Tips for Cultivating a Green Thumb

The changing of the seasons is upon us, which means spring is soon to arrive! Typically associated with renewal, growth, and blossoming, springtime is often a moment of joy and revived spirits. Many take it upon themselves to cast away their winter baggage and start afresh. Beyond spring cleaning, this can mean starting new routines, involving oneself in new activities, or even learning new skills. One fascinating yet relaxing activity that’s perfect for making the most of the warmer weather: gardening. For those who have been curious about having your own garden, right now is a great time to cultivate your green thumb, as early spring is an ideal moment to get a garden into shape. The best part? The work you do in these early months will be rewarded with fresh veggies and new flowers all year long.

Getting started in the garden can be daunting. It’s imperative that you have the right tools, the right plants for your plot of land, and most importantly, the right mindset (think patience, open-mindedness, and curiosity). Here are a few tips that will help any new gardener get the most from their green thumb. 


Location is everything

Whether using farm boxes or simply staking out a swath of your yard, picking the right location is a crucial part of garden planning. Once you have a spot in mind, take a day or two to monitor how light hits it over the course of the day, as that will determine what kinds of plants can grow in it. Be sure you’ve picked an area that gets lots of direct sunlight, especially if you’re planting a vegetable garden, as most edible plants require a minimum of six hours of direct sunlight per day.

Convenience is also an important factor to consider, especially for new gardeners who are still getting into the green-thumb groove. Putting your garden somewhere that you can see from your window and access easily will encourage the daily routines that good gardening requires. A garden tucked away out of sight is far more likely to get lost in the shuffle. 

 

Good soil goes far

Starting with healthy, nutrient-rich soil is a game-changer for your new garden, making all the difference as you get started planting for the first time. Different varieties of soil are made to address the exact needs of your garden, so it’s important to do the research on what your specific plot of land requires. If possible, buying your soil from a gardening store or nursery is a great option here, as a gardening specialist will help you pick the perfect starting soil for your land. 

 

Choose the right plants

Another area in which a specialist can be of great help is in picking the specific plants that will go in your garden. Where you live and the precise location of your garden will greatly determine what will grow successfully. These choices also should impact the precise layout of your garden plot – some plants need extra room, some need walls to climb, and some need the very most sunlight possible. In designing your garden, you’ll be juggling these different considerations, and an effective layout will maximize what your garden can yield.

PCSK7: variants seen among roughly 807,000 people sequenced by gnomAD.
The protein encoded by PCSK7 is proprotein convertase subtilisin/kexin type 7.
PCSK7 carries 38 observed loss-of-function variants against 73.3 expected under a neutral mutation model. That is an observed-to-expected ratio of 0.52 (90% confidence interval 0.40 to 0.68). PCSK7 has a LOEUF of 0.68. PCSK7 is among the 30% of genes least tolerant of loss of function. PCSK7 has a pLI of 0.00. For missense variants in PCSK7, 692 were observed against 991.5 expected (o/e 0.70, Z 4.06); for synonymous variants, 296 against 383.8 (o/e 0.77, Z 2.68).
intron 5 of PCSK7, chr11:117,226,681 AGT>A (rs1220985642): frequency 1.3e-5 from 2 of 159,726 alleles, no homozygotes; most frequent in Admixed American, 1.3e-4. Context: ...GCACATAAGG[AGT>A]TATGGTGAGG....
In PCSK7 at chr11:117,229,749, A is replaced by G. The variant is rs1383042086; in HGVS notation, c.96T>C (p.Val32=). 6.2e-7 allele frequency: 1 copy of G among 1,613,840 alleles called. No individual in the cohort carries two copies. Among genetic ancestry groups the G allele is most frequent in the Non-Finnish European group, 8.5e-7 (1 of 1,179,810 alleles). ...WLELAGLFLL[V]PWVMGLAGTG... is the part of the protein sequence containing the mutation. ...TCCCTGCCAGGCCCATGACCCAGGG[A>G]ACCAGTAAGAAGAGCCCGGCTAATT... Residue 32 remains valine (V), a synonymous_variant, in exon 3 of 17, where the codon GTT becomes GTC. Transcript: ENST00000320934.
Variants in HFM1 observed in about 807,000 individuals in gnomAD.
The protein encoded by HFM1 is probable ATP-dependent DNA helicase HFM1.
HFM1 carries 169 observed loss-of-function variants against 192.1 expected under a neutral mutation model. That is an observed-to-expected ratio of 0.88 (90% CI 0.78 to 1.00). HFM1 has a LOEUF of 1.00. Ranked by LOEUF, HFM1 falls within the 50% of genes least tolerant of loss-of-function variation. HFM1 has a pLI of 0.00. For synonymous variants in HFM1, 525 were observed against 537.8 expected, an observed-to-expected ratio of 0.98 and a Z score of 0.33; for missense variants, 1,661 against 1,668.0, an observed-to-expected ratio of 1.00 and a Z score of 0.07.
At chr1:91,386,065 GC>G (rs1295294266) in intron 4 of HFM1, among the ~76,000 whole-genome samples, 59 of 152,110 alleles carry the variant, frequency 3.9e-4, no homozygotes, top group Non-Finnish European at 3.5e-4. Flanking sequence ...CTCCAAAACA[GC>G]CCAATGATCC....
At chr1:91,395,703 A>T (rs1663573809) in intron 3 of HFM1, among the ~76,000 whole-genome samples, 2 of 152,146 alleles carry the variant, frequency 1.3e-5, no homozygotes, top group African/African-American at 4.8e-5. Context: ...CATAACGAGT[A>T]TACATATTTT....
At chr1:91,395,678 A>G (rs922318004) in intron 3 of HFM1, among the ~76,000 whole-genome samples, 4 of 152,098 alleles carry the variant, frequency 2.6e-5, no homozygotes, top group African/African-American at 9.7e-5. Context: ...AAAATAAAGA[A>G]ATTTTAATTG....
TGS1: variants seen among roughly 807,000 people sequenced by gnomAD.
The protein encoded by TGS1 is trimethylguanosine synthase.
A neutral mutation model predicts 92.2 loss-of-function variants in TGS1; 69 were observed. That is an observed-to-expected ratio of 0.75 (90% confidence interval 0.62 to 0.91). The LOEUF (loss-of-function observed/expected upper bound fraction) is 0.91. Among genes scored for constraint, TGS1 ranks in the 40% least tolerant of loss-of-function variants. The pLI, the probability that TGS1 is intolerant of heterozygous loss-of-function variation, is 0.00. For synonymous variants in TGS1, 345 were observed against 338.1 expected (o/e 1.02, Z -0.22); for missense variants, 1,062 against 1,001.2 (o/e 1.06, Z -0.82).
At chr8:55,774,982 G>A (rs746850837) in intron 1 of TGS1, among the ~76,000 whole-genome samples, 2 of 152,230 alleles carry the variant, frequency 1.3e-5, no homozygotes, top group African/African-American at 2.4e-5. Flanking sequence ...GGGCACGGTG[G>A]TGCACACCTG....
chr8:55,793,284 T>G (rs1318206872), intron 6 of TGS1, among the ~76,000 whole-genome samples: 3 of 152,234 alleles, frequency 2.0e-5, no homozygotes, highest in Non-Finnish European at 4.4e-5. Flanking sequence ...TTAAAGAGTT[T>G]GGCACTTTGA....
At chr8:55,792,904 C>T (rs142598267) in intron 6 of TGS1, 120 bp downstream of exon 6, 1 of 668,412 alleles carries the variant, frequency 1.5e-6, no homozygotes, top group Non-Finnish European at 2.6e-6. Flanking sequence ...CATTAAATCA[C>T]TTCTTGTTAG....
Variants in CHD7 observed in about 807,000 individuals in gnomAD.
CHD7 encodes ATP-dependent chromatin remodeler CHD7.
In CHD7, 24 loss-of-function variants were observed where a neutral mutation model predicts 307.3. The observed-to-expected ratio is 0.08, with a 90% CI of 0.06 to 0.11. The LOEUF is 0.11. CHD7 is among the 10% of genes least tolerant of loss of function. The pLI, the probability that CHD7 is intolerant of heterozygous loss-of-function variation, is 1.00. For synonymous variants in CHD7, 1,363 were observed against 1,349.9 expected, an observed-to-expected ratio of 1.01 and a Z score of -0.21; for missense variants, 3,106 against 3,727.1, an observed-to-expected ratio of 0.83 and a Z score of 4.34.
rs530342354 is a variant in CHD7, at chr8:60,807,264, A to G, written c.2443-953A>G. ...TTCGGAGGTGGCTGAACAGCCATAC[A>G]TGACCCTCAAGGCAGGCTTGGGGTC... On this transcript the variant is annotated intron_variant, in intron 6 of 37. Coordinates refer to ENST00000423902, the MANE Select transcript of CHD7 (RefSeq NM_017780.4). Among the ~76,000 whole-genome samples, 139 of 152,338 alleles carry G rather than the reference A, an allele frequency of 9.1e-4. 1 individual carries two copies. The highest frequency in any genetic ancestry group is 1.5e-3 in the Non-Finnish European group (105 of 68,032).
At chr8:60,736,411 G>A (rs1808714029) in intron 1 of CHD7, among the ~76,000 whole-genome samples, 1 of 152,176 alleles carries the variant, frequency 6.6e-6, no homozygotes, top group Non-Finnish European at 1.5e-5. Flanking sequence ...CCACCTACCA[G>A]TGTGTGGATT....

It’s often recommended that first-time gardeners begin with young plants rather than cultivating their gardens from seed, as seed-based gardening is much more finicky and can be discouraging for a first-timer. It’s not a bad idea to set yourself up for success in your first run as a gardener, as the (literal!) fruits of your labor will reward and encourage your gardening efforts.


Check your calendar

If you live somewhere with cold winters, it’s crucial to look up the last frost dates of the season. Be sure to start planting after this, as frosty weather can easily kill your plants, which is especially discouraging for a first-time gardener. Similarly, once autumn rolls around, it’s important to look up the first frost dates of the season so that you can harvest your plants before then.


Add mulch

Mulch is very beneficial to soil and the plants that live in it, helping to stop weeds from growing and keeping in moisture so that your garden needs less maintenance. Adding a layer of mulch two to three inches deep around each plant will get you the results you are looking for. Some varieties of mulch are even designed to enhance the appearance of your garden, and other attractive materials like pine straw and shredded leaves can be used to give your plot of land a particular look. 


Feed plants regularly

Once your garden is established and you have begun regularly tending to your plants, you can begin “feeding” them a plant food that makes the most of your soil. This is another case in which good research will lead you to the right product for your specific garden. Different plant foods require different usage, so be sure to find out the exact instructions that are right for your garden. The plant-feeding step of your gardening process should begin around one month after planting. 

ManukaGuard is welcoming the arrival of spring by celebrating all things green. For all the new gardeners out there, best of luck with your new favorite hobby! Tending to your new garden will be a unique joy, and enjoying your harvest will be a rich reward for all the hard work you’ve done.

Written by Steph manor

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